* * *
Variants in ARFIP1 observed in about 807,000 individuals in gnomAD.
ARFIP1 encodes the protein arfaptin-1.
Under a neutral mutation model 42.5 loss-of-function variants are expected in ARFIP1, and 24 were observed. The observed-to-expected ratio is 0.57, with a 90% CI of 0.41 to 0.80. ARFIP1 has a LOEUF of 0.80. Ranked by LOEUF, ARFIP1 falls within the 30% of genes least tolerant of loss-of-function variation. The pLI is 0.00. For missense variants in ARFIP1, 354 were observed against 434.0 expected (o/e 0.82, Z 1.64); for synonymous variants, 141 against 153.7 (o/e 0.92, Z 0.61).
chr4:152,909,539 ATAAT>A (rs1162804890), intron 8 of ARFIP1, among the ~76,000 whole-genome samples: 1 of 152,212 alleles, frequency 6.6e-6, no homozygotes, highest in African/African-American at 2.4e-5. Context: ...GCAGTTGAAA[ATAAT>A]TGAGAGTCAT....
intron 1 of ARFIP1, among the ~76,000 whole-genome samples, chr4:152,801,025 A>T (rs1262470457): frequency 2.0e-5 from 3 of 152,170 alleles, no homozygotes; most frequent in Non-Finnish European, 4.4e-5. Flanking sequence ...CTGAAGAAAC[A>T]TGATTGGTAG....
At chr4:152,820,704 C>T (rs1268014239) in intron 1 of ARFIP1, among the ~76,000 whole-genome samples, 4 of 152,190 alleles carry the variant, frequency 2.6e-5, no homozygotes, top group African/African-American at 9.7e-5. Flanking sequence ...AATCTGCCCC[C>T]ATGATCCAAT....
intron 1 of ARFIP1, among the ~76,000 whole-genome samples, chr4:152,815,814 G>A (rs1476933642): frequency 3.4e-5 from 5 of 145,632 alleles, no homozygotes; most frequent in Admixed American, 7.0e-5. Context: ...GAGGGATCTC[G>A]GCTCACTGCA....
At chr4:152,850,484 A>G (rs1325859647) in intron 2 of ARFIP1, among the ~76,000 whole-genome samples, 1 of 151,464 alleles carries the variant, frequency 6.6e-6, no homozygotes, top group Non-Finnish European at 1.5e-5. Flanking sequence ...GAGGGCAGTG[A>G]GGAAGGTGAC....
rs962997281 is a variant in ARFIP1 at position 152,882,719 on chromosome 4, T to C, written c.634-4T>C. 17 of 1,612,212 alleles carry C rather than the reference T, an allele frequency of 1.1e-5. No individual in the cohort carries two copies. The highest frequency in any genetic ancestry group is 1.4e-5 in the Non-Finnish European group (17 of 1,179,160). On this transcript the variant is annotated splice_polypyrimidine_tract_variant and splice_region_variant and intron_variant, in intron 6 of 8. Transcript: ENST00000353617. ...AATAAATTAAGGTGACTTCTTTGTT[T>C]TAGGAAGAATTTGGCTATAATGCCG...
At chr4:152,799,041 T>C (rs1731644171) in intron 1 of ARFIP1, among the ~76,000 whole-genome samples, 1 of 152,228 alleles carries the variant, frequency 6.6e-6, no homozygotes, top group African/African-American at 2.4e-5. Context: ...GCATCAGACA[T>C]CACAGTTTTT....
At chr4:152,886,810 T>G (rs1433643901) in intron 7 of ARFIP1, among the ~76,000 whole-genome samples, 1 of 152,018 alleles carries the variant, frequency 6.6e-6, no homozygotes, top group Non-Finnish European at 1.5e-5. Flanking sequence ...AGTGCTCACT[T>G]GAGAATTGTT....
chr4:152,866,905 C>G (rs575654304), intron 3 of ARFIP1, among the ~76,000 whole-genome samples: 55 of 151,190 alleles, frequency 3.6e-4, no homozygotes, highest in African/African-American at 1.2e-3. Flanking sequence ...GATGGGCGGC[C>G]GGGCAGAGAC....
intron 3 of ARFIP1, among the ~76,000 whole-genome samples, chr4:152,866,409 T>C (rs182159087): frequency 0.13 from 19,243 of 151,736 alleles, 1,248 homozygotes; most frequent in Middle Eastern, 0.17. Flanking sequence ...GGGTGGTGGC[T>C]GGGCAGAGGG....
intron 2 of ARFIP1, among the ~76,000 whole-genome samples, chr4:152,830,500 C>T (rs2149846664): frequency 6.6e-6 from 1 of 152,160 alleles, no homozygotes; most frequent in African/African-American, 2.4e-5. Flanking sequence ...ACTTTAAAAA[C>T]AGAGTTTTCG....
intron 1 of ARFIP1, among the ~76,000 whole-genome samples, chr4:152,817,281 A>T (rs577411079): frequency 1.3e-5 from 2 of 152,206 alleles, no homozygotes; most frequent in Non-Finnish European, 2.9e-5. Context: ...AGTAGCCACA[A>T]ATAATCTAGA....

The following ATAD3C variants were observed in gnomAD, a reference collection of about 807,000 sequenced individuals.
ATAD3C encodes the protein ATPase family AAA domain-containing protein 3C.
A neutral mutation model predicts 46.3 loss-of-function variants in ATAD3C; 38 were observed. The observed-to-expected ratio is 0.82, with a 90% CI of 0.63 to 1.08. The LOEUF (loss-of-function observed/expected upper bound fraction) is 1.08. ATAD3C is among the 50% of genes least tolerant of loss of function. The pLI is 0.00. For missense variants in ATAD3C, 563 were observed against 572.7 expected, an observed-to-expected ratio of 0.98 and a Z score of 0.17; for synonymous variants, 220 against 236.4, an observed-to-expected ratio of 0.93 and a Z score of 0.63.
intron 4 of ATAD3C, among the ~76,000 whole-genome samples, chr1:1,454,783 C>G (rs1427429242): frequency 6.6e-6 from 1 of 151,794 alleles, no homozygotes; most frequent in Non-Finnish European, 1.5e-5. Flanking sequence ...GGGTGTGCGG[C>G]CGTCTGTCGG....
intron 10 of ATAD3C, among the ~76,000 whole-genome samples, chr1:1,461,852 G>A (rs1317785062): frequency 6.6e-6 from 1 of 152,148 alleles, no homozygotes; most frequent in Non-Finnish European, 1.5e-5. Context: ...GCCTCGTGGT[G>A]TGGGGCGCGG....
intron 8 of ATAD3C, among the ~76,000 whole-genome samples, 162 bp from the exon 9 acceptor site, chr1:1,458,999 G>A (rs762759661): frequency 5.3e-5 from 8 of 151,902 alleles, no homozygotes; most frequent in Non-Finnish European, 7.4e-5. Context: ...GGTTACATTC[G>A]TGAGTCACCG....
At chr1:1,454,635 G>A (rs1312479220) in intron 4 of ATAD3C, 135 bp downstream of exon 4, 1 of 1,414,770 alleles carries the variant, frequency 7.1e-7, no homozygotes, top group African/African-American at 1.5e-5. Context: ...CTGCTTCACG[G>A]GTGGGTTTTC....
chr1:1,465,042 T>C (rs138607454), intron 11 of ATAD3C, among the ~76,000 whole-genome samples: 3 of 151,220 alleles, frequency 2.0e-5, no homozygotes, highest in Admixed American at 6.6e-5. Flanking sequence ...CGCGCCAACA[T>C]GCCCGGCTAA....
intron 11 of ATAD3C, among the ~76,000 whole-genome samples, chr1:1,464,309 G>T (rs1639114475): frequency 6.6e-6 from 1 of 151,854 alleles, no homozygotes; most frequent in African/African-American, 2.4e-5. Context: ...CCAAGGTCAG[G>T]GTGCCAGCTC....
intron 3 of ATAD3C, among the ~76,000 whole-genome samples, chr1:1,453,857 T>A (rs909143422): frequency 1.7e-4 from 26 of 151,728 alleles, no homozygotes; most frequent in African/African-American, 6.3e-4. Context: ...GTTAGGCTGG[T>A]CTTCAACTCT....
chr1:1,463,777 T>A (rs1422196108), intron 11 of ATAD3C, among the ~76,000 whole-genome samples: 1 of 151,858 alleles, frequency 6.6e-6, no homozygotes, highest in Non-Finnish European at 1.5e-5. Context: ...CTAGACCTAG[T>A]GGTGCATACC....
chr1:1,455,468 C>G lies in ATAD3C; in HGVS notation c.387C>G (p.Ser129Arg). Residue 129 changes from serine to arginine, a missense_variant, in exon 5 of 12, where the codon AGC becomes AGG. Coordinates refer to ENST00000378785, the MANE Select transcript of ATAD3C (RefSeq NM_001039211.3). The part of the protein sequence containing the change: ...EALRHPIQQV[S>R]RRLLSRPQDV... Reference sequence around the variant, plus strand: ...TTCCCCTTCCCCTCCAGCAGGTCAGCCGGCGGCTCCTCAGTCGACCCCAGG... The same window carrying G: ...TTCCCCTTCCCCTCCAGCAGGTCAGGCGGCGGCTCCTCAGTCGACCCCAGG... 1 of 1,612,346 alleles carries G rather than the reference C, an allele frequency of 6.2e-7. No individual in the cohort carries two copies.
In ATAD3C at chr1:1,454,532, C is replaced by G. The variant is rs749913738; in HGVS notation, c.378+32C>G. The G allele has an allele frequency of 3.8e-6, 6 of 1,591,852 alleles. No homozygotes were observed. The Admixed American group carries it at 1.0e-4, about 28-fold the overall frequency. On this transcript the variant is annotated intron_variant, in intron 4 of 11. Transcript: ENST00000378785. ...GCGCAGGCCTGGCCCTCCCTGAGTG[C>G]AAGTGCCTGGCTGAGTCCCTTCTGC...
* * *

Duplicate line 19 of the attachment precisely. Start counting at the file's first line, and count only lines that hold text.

intron 4 of ATAD3C, among the ~76,000 whole-genome samples, chr1:1,454,783 C>G (rs1427429242): frequency 6.6e-6 from 1 of 151,794 alleles, no homozygotes; most frequent in Non-Finnish European, 1.5e-5. Flanking sequence ...GGGTGTGCGG[C>G]CGTCTGTCGG....